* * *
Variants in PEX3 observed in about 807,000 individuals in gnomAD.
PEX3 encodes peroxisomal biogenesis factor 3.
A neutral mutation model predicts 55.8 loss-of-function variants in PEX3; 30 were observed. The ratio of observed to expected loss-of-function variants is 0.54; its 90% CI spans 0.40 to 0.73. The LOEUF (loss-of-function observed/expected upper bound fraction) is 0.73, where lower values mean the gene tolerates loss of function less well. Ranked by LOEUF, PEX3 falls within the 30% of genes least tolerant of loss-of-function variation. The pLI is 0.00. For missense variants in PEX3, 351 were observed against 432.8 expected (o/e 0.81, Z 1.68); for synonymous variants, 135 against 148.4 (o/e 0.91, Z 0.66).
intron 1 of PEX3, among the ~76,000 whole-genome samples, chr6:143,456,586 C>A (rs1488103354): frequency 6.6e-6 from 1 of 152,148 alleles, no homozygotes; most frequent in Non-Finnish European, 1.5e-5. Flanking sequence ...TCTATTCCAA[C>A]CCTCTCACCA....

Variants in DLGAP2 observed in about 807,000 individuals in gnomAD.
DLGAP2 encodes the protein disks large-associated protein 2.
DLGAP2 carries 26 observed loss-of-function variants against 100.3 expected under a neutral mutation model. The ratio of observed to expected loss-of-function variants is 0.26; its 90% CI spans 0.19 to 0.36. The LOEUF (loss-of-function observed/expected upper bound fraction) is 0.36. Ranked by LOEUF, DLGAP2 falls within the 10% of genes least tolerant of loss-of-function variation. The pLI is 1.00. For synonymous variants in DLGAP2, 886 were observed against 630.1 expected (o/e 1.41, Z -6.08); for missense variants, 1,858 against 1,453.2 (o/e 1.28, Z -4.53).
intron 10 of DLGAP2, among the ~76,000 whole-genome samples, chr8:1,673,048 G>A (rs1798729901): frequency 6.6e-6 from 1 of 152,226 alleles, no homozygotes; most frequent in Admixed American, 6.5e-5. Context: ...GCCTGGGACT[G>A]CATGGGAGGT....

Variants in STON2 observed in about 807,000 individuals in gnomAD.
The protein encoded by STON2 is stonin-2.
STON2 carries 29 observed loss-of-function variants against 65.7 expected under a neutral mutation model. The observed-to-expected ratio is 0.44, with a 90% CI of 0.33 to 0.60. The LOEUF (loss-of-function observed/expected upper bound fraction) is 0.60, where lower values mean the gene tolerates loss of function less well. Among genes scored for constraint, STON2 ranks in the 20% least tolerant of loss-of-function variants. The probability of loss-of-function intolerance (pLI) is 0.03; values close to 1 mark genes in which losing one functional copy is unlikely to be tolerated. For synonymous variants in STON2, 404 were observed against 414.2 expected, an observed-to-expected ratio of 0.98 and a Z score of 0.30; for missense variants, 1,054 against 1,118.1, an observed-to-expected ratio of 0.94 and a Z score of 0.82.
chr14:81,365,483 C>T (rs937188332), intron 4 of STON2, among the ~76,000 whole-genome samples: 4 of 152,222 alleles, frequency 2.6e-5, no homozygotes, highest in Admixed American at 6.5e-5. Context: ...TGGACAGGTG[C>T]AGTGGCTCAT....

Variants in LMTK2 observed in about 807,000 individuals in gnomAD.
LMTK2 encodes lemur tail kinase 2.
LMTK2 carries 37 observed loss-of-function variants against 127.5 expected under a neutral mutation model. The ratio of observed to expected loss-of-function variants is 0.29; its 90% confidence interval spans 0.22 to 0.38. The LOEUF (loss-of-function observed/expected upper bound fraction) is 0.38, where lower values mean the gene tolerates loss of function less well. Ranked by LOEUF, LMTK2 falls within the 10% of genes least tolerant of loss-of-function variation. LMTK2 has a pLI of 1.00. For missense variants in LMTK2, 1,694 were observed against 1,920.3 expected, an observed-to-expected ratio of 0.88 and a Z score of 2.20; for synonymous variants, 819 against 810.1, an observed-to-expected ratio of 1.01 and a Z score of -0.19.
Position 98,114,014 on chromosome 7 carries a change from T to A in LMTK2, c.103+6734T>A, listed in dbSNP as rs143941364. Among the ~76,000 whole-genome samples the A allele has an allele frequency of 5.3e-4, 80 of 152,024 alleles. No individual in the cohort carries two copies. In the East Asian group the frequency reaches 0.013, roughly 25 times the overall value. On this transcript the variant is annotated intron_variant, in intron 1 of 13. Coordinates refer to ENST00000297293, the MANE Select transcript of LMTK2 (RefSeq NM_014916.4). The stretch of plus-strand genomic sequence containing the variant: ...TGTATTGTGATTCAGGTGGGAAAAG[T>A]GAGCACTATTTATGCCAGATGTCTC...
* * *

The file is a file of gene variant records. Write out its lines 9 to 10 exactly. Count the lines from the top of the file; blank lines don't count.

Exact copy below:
Variants in STON2 observed in about 807,000 individuals in gnomAD.
The protein encoded by STON2 is stonin-2.